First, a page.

While one of my missions in life is to assist contractors, I often hear from attorneys and others with questions about construction industry issues. First, I field a question and ‘kickback’ new guidance on getting paid for ‘referrals.’ We also catch up on the latest CSLB discussions…
I have responded to questions about Referral Fees in the past and have read related articles written by attorneys and the CSLB. These questions have generally originated with contractors; however, realtors or others who regularly deal with the construction industry have also been curious about what is acceptable.
While B&P Code Section 7157(d) clearly states that it is not legal for one contractor to pay any type of inducement (i.e. kickback) to another contractor, the law apparently does not include non-contractors. The CSLB recently clarified this in their newsletter and I wanted to make sure my readers had the most accurate and up-to-date information.
At a recent CSLB Enforcement Committee meeting in Sacramento, one of the agenda items dealt with this very issue. According to the Board, the practice of paying “inducements” or what are often called, ‘finder’s fees’ is apparently prevalent in several industries including water damage/restoration, plumbing, pool builders, and re-modelers. The Board’s Enforcement staff held a sting operation in Riverside in March and all 9 contractors (licensed and unlicensed) who showed up to bid clearly stated that referral fees would be paid once the “homeowner” signed a contract. These offers of “inducements” cost these contractors up to $2000 in fines. Call it what you will, but if you are a contractor beware any offer to ‘kickback’, pay for referrals, provide finder fees or ‘inducements’ for a contract because they are all illegal in California.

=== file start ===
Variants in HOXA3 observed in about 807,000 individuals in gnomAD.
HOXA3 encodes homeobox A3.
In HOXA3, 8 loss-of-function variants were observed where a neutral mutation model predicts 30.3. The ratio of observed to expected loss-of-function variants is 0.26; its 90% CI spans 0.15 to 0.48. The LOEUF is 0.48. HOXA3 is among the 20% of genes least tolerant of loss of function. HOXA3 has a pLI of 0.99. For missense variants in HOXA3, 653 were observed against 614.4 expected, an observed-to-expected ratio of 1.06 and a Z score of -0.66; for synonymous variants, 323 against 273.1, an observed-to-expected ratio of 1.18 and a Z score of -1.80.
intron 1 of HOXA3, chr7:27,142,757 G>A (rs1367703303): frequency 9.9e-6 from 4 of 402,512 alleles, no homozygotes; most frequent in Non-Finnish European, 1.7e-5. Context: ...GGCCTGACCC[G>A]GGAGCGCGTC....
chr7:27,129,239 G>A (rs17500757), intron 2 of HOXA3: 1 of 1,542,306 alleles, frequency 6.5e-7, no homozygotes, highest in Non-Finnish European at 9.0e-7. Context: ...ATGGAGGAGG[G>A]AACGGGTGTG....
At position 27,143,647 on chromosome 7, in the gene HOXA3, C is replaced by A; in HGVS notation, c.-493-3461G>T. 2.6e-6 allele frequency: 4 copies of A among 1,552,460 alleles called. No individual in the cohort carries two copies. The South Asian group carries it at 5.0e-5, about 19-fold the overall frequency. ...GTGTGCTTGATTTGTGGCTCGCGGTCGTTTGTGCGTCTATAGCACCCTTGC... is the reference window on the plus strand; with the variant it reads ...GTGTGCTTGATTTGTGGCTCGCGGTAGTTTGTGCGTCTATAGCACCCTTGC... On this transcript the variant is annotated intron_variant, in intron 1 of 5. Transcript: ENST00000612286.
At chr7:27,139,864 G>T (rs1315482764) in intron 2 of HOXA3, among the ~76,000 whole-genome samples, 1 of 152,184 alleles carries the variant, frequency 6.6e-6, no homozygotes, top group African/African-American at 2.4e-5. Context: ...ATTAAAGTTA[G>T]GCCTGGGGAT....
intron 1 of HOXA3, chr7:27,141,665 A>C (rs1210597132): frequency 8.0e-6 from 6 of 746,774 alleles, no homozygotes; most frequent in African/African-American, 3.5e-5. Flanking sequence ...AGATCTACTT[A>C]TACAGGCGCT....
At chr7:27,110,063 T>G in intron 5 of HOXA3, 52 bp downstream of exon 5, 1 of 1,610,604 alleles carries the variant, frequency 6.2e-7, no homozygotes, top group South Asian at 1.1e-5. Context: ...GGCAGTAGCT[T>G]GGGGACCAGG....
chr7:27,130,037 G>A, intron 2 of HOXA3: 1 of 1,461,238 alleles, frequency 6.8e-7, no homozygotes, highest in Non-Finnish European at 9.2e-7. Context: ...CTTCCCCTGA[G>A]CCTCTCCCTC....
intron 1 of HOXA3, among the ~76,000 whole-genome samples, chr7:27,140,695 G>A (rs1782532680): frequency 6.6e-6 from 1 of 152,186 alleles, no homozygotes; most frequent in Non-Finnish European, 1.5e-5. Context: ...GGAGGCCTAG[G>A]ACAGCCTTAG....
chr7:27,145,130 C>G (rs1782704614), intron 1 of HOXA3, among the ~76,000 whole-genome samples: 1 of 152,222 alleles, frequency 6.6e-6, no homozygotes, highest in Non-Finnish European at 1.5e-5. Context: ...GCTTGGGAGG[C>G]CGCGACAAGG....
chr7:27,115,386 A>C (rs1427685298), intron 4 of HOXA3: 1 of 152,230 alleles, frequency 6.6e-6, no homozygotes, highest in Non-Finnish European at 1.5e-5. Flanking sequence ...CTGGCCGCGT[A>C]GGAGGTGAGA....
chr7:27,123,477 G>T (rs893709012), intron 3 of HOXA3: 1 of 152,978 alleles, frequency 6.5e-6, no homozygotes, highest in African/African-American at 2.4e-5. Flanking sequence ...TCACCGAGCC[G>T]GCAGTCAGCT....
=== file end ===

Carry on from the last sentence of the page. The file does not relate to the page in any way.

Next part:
Other topics discussed at the August 23rd CSLB Committee meetings included: Enforcement partnerships with 2 dozen cities and counties as well as a number of other state agencies; licensing requirements for solar and other alternative energy projects; and the latest on licensing for a Limited Liability Company (LLC).
Q: This really is not as much a question as it is a statement. I regularly read your column in my Exchange newsletter and find your information very helpful. I’ve learned a great deal from your answers and appreciate your providing this service. The construction industry can use all the help it can get.
I know you often write about the CSLB doing stings and their Enforcement efforts but it’s not enough. There are too many unlicensed guys running around taking jobs from the legitimate contractor. What can you suggest that we can do to help the Board and help ourselves at the same time?
A: Thank you very much for the kind words and reaching out to help combat unlicensed activities. In our present economy, it’s tough enough staying busy without having to battle unlicensed individuals who are undercutting the legitimate contractor. The CSLB is doing what they can with their present resources; however for one thing they have 29 vacant Enforcement positions that are subject to the current State hiring freeze.
In January of this year, the Board’s Statewide Investigative Fraud Team (SWIFT) launched a new task force to battle the underground economy. There are a number of areas where contractors can help themselves and the entire construction industry including identifying unlicensed individuals and reporting them to one of the SWIFT representatives throughout the state.
Because this is such a huge issue, I am going to devote an entire upcoming column to what we, as an industry, can do to win the battle against unlicensed activities. Please send your thoughts on this issue to share and be on the lookout for this important information.
While knowledge is power, knowing where to go for the answers is half the battle. Get expert assistance immediately when you call 866-443-0657, email email@example.com, or write me at Capitol Services, Inc., 1225 8th St. Ste. 580, Sacramento, CA 95814. Research past columns at www.cutredtape.com.